Handling The Grieving Boarder

Showing compassion when a horse dies is the right thing to do, for both moral and business reasons.

Every horse person has had to deal with the pain of losing a horse, whether her own or someone else’s. If you are a boarding facility manager or owner, you know how the loss of a horse can affect not only the boarder, but everyone at your barn. A steady show of compassion at these times benefits everyone involved.

Of course, it’s natural to feel empathy for grieving boarders. But showing compassion at their time of loss is not only the moral thing to do, it’s also good business. If boarders feel they have the support of management during this difficult time, they are more likely to get another horse and keep it at the same facility.

“Through the years, I have had several boarders and friends who have lost their horses, and I have lost horses myself,” says Susan Dellinger, owner of Winners Circle Horse Farm in Oakhurst, N.J. “It’s a very emotional time whenever someone loses a pet that they connect with. Horses are so therapeutic in our lives that when one passes, we feel a great loss. Whether it be from old age, illness or injury, it’s never easy.”

As an owner or manager of a boarding facility, you can do a lot to help the grieving owner handle her loss. “Give the grieving owner a hug and tell her it is okay to cry,” says Rebecca Cagle, a professional equestrian life coach and author of the e-book, “Grieving the Loss of Your Horse: How to Survive Your Journey.”

“Send flowers and a sympathy card to show her that you understand her grief is real and you understand that her horse was important to her,” says Cagle. “Avoid telling her she can always get another horse, because it is too soon to think about that and it will cause more pain when her grief is new.”

Cagle recommends giving the owner time to replace the horse when she is ready. “Call to check on her every few days and tell her you care, and support her,” she says. “Take her out to lunch or dinner. Let her bring up the subject of losing her horse. Let her talk as much as she wants and needs to about her loss.”

Dellinger says she is usually present throughout the process of a boarder’s loss to help the owner. This kind of support is invaluable to a grieving boarder.


When a horse dies, the entire barn feels the grief. This is especially true of young boarders. “I try to explain to the children what’s going on, so they understand,” says Dellinger. “If they have questions, I try to answer them to the best of my ability.”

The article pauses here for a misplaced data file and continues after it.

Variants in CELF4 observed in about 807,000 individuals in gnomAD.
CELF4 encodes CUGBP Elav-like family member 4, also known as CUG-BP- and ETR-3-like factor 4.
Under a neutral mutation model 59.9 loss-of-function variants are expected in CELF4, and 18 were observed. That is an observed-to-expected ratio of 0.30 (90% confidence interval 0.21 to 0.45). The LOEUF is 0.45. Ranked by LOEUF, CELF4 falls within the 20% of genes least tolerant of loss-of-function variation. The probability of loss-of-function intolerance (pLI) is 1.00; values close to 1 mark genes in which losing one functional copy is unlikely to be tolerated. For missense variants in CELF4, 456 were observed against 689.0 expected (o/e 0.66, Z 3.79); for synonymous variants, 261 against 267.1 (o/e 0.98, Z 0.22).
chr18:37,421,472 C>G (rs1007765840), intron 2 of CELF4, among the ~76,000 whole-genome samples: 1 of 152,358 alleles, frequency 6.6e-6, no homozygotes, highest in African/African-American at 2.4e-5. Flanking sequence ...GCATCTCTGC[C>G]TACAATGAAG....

Facility owners can take a number of steps to help boarders mourn the loss of a friend’s horse. These gestures not only go a long way to ease the grief of other boarders, but will mean a lot to the grieving owner as well.

Placing flowers in the horse’s empty stall is a good way to help show compassion for an owner and regard for the deceased horse. A bouquet of flowers helps ease the pain of seeing an empty stall where a horse once stood, and helps the grieving owner feel like people care about her and her horse.

Another way to help a grieving owner heal is to provide her with another horse to care for until she is ready to buy another one. A lesson horse, or a horse that belongs to another boarder but doesn’t get much attention, is a good choice. If the grieving boarder doesn’t want to ride, ask her to just take the horse out, groom it and take it for a walk around the barn. This small amount of contact with another horse can make a big difference to a boarder who is suffering this kind of loss.

“I have given horses to boarders who have lost theirs,” says Dellinger. “I know there is no replacement for their pet, but I try to help fill the void that was created when their horse died.”

A monthly barn newsletter provides another opportunity to show a grieving boarder that you care by including a memorial of the horse that died. Ask the owner for a photo and biography of the horse, and run these together to honor the horse’s life.

Other boarders can also be a huge support group for someone who has lost a horse. Boarders often have close friends at boarding stables, and they care very deeply when one of their own is hurting. For example, boarders may want to hold a tackcleaning fundraiser to help the grieving owner pay veterinary bills incurred while trying to save the horse. Or, in the case of children, they may decide to hold a small ceremony to celebrate the deceased horse’s life.

Whatever your boarders decide to do for their grieving comrade, it’s important that you support it. Provide them with an area where they can hold whatever event they choose to assist the grieving owner. Encourage any activities that will help the grieving boarder, and other boarders, heal.

You can never tell when or how your acts of kindness and consideration will come back to benefit you, but rest assured that they most likely will. “I am very fortunate to have compassionate boarders who are sensitive to others’ feelings,” says Dellinger. “The truth is, you never know when it could happen to you.”






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